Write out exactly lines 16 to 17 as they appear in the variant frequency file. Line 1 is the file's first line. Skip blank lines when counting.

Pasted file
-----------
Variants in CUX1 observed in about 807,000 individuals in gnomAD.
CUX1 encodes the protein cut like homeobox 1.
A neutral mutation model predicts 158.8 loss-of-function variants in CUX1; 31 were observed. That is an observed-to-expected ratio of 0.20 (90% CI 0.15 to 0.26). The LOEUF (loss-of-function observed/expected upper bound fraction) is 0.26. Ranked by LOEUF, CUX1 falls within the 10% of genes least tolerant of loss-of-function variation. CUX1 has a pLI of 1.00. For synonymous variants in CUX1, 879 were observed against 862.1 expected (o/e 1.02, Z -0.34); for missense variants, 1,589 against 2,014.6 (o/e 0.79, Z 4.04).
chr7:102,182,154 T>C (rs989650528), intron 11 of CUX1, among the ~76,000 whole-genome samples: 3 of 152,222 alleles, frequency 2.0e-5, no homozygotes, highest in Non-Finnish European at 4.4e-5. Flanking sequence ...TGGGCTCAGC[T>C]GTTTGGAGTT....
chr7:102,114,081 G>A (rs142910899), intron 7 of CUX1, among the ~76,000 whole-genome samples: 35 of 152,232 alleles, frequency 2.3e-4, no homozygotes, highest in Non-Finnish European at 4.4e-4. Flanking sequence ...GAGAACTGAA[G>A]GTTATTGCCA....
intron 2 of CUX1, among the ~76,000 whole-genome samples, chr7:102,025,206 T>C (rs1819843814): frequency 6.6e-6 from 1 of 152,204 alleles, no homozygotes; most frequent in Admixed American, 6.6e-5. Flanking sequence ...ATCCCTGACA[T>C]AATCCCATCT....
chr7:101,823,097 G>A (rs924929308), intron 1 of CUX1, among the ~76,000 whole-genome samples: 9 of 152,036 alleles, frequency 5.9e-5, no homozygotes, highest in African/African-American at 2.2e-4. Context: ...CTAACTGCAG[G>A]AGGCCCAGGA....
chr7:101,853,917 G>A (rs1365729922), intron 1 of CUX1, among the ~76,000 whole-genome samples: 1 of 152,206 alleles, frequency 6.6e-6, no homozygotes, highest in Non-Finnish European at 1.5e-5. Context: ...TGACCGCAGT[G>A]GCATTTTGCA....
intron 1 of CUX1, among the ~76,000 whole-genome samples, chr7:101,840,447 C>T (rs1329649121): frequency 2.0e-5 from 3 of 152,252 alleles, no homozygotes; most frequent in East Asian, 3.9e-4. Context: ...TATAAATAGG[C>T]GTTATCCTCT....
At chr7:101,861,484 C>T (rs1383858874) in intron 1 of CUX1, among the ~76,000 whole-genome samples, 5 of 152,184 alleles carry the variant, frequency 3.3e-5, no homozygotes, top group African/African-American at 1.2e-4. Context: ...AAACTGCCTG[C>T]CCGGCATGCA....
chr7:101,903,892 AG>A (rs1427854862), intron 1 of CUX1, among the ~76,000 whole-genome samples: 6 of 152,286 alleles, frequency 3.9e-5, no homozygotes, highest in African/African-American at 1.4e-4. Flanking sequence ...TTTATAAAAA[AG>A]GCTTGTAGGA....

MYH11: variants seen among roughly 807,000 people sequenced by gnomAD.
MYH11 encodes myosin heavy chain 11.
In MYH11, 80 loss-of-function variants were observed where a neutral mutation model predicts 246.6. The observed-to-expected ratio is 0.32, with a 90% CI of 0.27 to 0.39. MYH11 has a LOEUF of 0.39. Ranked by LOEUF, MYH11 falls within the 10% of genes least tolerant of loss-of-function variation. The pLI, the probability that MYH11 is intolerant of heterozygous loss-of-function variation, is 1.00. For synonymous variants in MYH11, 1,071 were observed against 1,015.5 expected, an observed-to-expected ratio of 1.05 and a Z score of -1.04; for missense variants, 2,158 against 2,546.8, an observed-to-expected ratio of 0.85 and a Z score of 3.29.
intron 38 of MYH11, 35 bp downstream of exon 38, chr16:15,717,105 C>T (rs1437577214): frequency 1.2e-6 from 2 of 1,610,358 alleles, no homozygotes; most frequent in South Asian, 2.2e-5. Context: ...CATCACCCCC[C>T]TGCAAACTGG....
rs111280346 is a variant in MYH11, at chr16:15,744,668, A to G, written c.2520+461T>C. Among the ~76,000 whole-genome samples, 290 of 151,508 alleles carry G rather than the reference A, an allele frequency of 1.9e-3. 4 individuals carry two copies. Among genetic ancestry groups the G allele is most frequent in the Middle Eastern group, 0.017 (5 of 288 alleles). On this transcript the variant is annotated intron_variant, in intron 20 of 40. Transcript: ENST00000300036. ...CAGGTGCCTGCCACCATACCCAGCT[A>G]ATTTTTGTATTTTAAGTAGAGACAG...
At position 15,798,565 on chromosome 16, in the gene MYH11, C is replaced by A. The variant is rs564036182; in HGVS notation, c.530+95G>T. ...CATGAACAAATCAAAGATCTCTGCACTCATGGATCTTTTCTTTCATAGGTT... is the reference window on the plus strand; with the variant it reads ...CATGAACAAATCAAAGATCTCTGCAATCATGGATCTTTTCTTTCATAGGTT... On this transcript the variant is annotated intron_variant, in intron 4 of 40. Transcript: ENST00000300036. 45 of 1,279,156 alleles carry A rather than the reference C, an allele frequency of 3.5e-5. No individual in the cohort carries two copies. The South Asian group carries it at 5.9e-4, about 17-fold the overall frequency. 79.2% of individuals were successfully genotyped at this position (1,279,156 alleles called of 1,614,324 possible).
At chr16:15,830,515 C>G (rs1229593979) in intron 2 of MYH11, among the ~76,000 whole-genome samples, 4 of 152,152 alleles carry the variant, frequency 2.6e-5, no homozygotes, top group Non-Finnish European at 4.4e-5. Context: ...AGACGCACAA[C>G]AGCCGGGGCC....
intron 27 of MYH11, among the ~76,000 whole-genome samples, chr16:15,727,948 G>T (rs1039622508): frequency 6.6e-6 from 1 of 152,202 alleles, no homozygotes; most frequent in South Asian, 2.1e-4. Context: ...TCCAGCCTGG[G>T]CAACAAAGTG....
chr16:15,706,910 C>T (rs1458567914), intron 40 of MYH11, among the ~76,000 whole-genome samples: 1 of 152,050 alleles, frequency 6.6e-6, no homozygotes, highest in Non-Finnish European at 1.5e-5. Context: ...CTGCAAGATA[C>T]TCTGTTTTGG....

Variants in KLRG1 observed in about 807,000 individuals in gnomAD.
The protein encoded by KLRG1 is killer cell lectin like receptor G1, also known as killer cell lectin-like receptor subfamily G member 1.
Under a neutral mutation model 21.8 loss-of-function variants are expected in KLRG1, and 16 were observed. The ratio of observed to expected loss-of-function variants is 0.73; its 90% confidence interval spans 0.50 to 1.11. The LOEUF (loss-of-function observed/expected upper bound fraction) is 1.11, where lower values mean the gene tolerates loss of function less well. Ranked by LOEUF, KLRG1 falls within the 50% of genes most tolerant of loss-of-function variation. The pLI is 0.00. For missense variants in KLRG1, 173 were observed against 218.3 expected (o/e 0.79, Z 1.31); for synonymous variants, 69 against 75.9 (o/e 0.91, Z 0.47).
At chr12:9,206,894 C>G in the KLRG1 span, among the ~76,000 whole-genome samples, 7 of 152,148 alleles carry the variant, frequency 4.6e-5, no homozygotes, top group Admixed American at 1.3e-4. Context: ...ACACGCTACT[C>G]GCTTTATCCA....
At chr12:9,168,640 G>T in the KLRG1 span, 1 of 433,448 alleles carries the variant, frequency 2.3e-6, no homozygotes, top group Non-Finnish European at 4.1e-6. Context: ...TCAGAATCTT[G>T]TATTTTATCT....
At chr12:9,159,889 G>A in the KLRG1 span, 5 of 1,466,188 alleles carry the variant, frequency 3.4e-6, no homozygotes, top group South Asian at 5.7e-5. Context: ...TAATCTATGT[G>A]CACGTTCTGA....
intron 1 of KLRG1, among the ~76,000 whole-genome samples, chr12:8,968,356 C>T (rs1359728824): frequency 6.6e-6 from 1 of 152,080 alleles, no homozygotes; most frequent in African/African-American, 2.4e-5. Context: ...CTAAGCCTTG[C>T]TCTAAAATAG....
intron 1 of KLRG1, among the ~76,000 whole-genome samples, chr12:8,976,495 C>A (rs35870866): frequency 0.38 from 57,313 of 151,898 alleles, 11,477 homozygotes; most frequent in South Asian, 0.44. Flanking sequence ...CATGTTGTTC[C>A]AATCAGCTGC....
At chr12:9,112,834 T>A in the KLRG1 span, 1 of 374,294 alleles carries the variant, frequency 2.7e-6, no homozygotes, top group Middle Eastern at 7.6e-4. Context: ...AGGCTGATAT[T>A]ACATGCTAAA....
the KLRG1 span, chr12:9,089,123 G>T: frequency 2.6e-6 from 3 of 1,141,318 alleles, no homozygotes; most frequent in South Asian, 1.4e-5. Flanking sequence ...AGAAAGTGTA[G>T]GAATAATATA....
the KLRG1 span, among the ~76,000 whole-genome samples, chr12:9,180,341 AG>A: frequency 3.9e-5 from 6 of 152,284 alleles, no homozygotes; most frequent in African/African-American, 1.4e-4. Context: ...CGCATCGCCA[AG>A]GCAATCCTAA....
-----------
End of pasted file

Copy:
rs111280346 is a variant in MYH11, at chr16:15,744,668, A to G, written c.2520+461T>C. Among the ~76,000 whole-genome samples, 290 of 151,508 alleles carry G rather than the reference A, an allele frequency of 1.9e-3. 4 individuals carry two copies. Among genetic ancestry groups the G allele is most frequent in the Middle Eastern group, 0.017 (5 of 288 alleles). On this transcript the variant is annotated intron_variant, in intron 20 of 40. Transcript: ENST00000300036. ...CAGGTGCCTGCCACCATACCCAGCT[A>G]ATTTTTGTATTTTAAGTAGAGACAG...
At position 15,798,565 on chromosome 16, in the gene MYH11, C is replaced by A. The variant is rs564036182; in HGVS notation, c.530+95G>T. ...CATGAACAAATCAAAGATCTCTGCACTCATGGATCTTTTCTTTCATAGGTT... is the reference window on the plus strand; with the variant it reads ...CATGAACAAATCAAAGATCTCTGCAATCATGGATCTTTTCTTTCATAGGTT... On this transcript the variant is annotated intron_variant, in intron 4 of 40. Transcript: ENST00000300036. 45 of 1,279,156 alleles carry A rather than the reference C, an allele frequency of 3.5e-5. No individual in the cohort carries two copies. The South Asian group carries it at 5.9e-4, about 17-fold the overall frequency. 79.2% of individuals were successfully genotyped at this position (1,279,156 alleles called of 1,614,324 possible).